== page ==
Australia’s NTC to study four options for an automated vehicle safety assurance system


Australia’s National Transport Commission (NTC) has released a discussion paper that examines the balance between government oversight and industry self-regulation for automated vehicle safety, and identifies four regulatory options for a safety assurance system for the new technology.

The paper, Regulatory options to assure automated vehicle safety in Australia, calls on Australian governments, vehicle manufacturers, transport technology providers, and other interested parties, to contribute to the development of a national safety assurance regime for automated vehicles.

The NTC is seeking feedback on four regulatory options: continuing the current approach, self-certification, pre-market approval, and accreditation. Submissions for the discussion paper are open until July 28, and following consultation, the NTC will present a preferred regulatory option to transport ministers in November 2017. This work is seen as a key part of the NTC’s roadmap of reform to prepare Australia for automated road vehicles.

“Australian governments are starting to remove legislative barriers to more automated road vehicles. Without a safety assurance system, these vehicles could potentially be deployed with no government oversight or regulatory intervention,” explained the NTC’s chief executive, Paul Retter.

“These technologies are highly innovative, technically advanced and varied, and we don’t yet know if they will be safe. We need a mechanism that supports innovation without unnecessary red tape, but also assures the Australian public that automated vehicles are safe. This is a significant reform in road transport. Over time we will see the risks associated with the driving task shift away from the human driver toward the automated driving system, and our regulatory system must be able to accommodate this shift.”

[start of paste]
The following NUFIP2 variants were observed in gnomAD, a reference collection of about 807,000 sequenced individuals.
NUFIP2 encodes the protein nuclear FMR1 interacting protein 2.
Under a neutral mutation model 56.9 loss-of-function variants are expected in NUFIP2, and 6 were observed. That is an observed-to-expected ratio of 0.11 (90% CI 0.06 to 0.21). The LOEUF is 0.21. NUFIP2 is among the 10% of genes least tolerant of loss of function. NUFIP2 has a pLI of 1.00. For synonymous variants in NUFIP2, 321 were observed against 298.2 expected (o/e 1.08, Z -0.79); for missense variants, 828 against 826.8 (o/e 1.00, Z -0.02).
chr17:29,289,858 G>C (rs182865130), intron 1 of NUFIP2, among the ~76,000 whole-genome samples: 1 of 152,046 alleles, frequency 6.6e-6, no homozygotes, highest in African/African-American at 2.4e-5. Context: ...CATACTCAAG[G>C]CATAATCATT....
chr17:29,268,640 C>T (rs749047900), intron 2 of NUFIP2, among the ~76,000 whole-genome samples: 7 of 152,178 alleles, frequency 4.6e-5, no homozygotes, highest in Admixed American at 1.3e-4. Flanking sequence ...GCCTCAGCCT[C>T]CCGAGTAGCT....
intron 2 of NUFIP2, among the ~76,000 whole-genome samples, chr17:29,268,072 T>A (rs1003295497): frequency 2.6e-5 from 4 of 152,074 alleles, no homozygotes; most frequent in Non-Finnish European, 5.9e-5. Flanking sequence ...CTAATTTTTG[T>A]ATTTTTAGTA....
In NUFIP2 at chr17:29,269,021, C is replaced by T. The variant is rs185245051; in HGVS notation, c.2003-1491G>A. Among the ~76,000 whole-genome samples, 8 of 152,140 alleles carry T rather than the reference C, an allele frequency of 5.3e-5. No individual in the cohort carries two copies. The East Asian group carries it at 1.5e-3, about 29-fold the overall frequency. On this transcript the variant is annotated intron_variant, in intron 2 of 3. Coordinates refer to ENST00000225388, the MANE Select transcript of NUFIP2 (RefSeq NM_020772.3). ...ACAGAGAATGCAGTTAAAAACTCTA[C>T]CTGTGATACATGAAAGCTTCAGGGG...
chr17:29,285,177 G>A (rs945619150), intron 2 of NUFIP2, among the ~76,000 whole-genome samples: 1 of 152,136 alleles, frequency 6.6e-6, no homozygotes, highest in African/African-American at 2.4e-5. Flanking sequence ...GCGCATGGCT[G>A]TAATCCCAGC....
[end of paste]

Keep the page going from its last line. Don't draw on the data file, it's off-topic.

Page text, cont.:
The NTC has also released a new work program designed to enable next-generation mobility through more responsive regulation, and a strategic analysis report, Land Transport Regulation 2040, which identified a number of plausible future scenarios Australia could face over the course of the next two decades.

The NTC is studying next-generation mobility options, such as automated vehicles, ride-sharing, and other ‘on demand’ transport services, and how they would be facilitated by increased access to digital information. The work program would help to deliver on a request from Australia’s transport ministers to identify and remove regulatory barriers that may prevent or delay the deployment of more innovative transport products and services.

Retter noted, “Our work program includes a number of new projects aimed at ensuring Australia’s transport laws can support the safe commercial deployment of more innovative transport solutions.”

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Tom has edited Traffic Technology International (TTi) magazine and its Traffic Technology Today website since May 2014. During his time at the title, he has interviewed some of the top transportation chiefs at public agencies around the world as well as CEOs of leading multinationals and ground-breaking start-ups. Tom's earlier career saw him working on some the UK's leading consumer magazine titles. He has a law degree from the London School of Economics (LSE).